Two studies published this week add new detail to our knowledge of environmental conditions on the early Earth. The first study, led by Genming Luo from M.I.T. and appearing in Science Advances, pinpoints the rise of oxygen in Earth’s atmosphere rather precisely, at 2.33 billion years ago. Based on sulfur isotopic ratios, the authors determined the time when Earth became oxygen-rich, meaning that it crossed the threshold of one ten-thousandth of today’s oxygen concentrations.
That doesn’t sound like much, but keep in mind that oxygen was toxic to all organisms living on Earth at the time. In fact, the cyanobacteria that caused the rise in oxygen—what is known as the Great Oxidation—triggered the first global environmental catastrophe. Most life today, including humans and all higher life forms—is adapted to oxygen-rich conditions, but it took a long time for organisms to become accustomed to the destructive properties of oxygen and start taking advantage of its positive effects. The Great Oxygenation Event is believed to have caused a Snowball Earth event, because the increased oxygen removed warming greenhouse gases from the atmosphere, resulting in the glaciation of all or most of the planet.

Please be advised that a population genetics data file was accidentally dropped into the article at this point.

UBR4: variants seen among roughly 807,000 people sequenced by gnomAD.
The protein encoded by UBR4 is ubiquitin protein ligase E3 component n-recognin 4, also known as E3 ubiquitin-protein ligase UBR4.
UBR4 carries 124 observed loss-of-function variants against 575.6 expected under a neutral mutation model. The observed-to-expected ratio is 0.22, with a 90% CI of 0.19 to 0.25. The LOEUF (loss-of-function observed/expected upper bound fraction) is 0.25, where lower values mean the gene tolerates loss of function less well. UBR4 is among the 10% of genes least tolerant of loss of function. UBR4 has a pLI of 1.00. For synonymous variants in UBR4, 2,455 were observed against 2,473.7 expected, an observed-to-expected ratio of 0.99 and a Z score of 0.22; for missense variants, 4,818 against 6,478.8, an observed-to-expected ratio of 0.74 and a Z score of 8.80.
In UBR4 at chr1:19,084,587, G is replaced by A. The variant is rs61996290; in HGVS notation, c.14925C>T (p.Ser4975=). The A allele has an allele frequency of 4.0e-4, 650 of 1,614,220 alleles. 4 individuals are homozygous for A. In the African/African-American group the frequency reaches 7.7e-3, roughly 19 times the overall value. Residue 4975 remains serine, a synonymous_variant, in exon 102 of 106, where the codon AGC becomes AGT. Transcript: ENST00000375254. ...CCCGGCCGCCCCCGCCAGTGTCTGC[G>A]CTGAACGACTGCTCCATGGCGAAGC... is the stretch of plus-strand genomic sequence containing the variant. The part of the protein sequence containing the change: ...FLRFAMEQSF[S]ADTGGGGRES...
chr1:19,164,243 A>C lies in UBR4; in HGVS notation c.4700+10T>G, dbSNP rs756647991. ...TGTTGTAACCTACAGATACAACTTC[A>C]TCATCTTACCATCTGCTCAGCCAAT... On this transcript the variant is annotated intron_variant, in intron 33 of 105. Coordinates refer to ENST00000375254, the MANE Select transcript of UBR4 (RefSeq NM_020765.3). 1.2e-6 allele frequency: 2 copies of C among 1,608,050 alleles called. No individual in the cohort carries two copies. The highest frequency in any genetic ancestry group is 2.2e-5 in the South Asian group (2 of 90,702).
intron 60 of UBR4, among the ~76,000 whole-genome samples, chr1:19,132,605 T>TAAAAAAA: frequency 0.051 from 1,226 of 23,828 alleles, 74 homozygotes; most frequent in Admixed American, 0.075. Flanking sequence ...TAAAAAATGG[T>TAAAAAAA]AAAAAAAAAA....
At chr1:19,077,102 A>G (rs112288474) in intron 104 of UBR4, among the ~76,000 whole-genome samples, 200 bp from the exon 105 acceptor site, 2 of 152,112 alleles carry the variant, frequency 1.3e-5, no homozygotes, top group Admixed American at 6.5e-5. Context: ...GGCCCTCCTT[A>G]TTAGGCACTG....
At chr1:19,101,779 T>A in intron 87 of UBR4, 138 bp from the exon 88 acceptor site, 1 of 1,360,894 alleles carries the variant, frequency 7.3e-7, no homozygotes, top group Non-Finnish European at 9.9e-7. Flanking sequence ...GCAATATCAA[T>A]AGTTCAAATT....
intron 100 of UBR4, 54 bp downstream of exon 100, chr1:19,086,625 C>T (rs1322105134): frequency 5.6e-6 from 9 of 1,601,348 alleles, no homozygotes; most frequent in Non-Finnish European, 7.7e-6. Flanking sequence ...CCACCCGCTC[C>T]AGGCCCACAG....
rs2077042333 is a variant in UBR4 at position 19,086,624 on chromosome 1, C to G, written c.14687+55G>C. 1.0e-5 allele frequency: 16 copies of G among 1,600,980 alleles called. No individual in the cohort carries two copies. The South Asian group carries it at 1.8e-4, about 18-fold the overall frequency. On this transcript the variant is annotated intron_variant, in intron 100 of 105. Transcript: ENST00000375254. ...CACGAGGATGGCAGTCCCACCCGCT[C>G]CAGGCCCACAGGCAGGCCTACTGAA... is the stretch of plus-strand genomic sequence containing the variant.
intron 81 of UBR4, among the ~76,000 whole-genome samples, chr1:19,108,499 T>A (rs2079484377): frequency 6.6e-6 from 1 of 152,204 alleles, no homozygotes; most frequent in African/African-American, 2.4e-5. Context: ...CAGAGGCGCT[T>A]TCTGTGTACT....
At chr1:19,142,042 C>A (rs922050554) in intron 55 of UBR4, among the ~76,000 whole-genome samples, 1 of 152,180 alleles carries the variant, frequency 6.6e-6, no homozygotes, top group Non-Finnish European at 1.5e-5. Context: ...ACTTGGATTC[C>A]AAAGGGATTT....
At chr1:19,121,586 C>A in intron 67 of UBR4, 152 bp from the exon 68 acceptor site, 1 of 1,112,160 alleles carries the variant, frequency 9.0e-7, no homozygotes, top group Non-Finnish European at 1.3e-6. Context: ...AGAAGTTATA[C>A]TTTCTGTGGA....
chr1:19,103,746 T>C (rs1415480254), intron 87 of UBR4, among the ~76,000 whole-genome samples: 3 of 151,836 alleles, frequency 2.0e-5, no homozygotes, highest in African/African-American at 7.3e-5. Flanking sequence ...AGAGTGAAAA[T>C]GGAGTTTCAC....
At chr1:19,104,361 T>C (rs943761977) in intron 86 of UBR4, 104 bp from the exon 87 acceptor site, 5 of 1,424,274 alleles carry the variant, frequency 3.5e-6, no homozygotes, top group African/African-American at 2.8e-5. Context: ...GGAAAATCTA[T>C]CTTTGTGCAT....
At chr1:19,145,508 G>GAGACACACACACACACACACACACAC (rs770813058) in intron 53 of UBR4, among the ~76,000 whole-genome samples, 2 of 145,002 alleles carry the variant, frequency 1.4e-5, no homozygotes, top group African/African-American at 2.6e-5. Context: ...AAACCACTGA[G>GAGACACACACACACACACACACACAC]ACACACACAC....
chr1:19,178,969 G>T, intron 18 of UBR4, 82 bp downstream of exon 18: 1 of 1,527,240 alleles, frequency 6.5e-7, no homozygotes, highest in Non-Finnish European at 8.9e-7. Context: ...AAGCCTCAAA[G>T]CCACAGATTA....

Surprisingly, the study by Luo’s group indicates that the rise in oxygen concentrations was limited to a sediment layer only five meters thick, which represents a geological time span of one million to ten million years. That’s a rather short time, considering that all of Earth’s atmosphere became irreversibly aerobic (oxygen-rich) during the Great Oxygenation Event.
In another study published in Nature Geosciences, Sanjoy Som from NASA’s Ames Research Center and colleagues analyzed lava bubbles that released gas from a lava flow 2.7 billion years ago. Their surprising finding was that Earth’s atmosphere at the time was at most half as dense as it is today. They base their estimate on the size of gas bubbles that formed when the lava cooled, while constrained by air pressure. A thinner atmosphere might have helped oxygen levels in the atmosphere rise faster than expected, since less of it would be needed for the atmosphere to become aerobic.
However, this makes another early Earth puzzle, called the Faint Sun Paradox, more difficult to solve. About 2.7 billion years ago the Sun was about 20 percent less luminous than it is today, yet all indications point to warm conditions during that time period. If Som et al.’s findings are correct, it will be even harder to explain the Faint Sun Paradox, because a thinner atmosphere is generally associated with less greenhouse gas and colder conditions. In fact, to compensate for the fainter Sun and thinner atmosphere, greenhouse gas concentrations would have to be incredibly, almost impossibly high. The solution to the Faint Sun paradox is now more challenging than ever.